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Missions to Seamen

Mission to Seafarers was established in 1856 as a national Society, incorporating the Bristol Channel Mission and the Thames Church Mission. The Society provided chaplains to serve vessels and seamen afloat and ashore.  

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The Missions to Seamen (MTS), now the Mission to Seafarers, was established by the Church of England in 1856 as a national society to bring together the work of regional missions, including the Bristol Channel Mission (1836) and the Thames Church Mission (1844). The Society initially focussed on providing services to seamen afloat, rather than in port, but gradually extended its reach to include port-based chaplaincies in both the UK and other British colonial and imperial ports. By 1858, chaplains were stationed in 14 ports in England and Ireland, with representatives in Singapore, Madras, and Nova Scotia.

By the 1880s, Mission to Seafarers activities included:

  • Worship on the Seas, encouraging united workshop for crews using volunteer captains and officers
  • Church in the Roadsteads, using two steam yachts and 8 sailing vessels to visit anchorages around the southern coasts of England including the Solent, Portland Roads, Plymouth Sound, the Bristol Channel and Waterford Road in the Irish sea
  • Seamen on shore. Providing chaplain to cocks, and rivers, 'so as to follow the sailor, the fisherman, and the bargeman into boarding houses, public-houses, and other haunts'.
  • Royal Navy. Supplements naval chaplains with scripture readers
  • Fishermen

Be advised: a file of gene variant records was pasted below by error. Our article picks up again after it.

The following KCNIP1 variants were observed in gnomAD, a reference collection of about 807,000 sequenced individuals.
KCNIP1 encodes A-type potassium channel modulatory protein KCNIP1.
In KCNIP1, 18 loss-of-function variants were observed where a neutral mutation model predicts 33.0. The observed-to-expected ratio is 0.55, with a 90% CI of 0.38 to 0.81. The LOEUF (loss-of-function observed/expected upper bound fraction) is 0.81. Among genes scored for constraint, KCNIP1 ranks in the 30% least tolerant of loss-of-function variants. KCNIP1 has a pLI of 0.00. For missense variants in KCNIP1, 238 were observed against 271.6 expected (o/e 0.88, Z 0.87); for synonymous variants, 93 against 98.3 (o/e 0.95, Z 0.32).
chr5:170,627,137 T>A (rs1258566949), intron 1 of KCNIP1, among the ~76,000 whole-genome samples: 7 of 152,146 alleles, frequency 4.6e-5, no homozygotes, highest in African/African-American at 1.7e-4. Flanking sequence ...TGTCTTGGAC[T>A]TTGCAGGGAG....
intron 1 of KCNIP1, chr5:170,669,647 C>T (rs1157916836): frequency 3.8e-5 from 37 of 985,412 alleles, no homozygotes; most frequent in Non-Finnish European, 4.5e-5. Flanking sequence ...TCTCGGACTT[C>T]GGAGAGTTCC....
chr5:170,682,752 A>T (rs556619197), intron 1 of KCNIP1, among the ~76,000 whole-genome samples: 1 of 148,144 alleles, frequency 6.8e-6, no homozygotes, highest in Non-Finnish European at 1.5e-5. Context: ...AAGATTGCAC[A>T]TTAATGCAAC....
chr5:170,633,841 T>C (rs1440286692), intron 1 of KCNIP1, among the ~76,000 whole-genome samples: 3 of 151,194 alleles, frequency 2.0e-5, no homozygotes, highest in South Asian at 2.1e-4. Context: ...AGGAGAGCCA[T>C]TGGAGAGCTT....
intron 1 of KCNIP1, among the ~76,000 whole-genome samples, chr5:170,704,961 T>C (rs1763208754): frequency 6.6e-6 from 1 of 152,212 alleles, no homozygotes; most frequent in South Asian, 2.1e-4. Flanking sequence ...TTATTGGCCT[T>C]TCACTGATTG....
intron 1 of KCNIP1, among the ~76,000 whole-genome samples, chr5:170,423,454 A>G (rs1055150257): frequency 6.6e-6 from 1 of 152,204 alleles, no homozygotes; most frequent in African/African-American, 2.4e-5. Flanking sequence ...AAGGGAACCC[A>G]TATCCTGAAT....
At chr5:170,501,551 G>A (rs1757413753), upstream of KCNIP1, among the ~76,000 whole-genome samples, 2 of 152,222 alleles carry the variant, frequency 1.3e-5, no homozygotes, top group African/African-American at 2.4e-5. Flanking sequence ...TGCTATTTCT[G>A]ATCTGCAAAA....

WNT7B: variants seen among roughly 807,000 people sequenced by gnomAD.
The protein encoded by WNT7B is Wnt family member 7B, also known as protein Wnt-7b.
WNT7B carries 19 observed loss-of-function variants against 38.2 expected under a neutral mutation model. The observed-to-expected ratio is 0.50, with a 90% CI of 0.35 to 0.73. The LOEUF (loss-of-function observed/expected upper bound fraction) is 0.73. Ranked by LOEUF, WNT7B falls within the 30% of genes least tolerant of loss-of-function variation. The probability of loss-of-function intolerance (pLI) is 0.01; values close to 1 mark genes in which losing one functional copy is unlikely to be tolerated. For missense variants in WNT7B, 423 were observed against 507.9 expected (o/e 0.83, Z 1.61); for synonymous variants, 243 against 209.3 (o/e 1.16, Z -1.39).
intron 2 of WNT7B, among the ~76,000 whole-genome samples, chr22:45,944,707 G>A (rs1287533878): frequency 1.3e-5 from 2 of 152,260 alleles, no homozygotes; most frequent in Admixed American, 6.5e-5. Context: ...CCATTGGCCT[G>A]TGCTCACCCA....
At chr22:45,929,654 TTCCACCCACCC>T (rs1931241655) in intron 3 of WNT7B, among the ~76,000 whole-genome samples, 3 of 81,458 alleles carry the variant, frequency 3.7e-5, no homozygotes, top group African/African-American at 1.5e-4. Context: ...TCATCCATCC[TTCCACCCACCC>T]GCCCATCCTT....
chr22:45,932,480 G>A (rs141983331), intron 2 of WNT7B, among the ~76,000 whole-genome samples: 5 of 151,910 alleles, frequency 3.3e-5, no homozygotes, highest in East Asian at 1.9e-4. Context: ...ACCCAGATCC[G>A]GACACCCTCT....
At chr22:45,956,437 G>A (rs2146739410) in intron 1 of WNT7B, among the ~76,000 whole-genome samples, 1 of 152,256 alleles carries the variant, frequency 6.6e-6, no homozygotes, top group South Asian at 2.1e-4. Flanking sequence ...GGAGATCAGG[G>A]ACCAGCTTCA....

• Canal men
  • Emigrant and passenger ships
  • Foreign seamen in British ports
  • British seamen in Foreign ports
  • Literature afloat
  • Abstaining seamen Loss of life at sea

To deliver this programme, the total income of the Missions to Seamen in 1882 was £21,000. There were two clerical superintendents, with 25 chaplains at 48 stations, as well as other part-time officers.

Visitation to isolated marine communities continued to be the mainstay of the Society's activities, such as this visit to the Isles of Scilly in the 1920s. The Society operated its own vessels, in the tradition of the Rev. John Ashley's missionary cutter, the Eirene.

Chaplain visiting the Isles of Scilly, passing the Bishop Rock Lightouse. Source: Mission to Mariners Archive U DMS, Hull History Centre.

Today, the Missions to Seamen developed into one of the world?s largest maritime charities, with links to over 200 ports around the world.

The Archives of the Society were generously donated to the University of Hull and are now housed in the Hull History Centre where they have benefitted from a professional catalogue. The value of the archive to marine historians and communities is considerable, particularly because of the loss of archives relating to other marine missions. 


Missions to Seafarers Archives, Hull History Centre. 

Gollock, G.A. 1930. At the Sign of the Flying Angel: A Book of the Sailor at the Coastline (London: Longmans).

Kverndal, R. 1986. Seamen’s Missions: Their Origin and Early Growth (Pasadena, California). 

Miller, R. W. H. 2012. One Firm Anchor: The Church and the Merchant Seafarer, an Introductory History (Cambridge: Lutterworth).

Strong, L.A.G. 1856. Flying Angel: The Story of the Missions to Seamen (London). 

Walrond, Mary L. 1904. Launching out into the deep; or the pioneers of a noble effort [the missions to seamen] (London).


Mission to Seafarers Archive, Hull History Centre

Weatherall, Claire. 2019. ‘“For those in peril on the sea”: Seamen’s Missions Archives at Hull History Centre’. JISC Archives Hub (Jan.) 

Citation for this article

Hilary Carey, 'Missions to Seamen' Mariners: Race, Religion and Empire in British Ports 1801-1914,
Retrieved 14 July 2024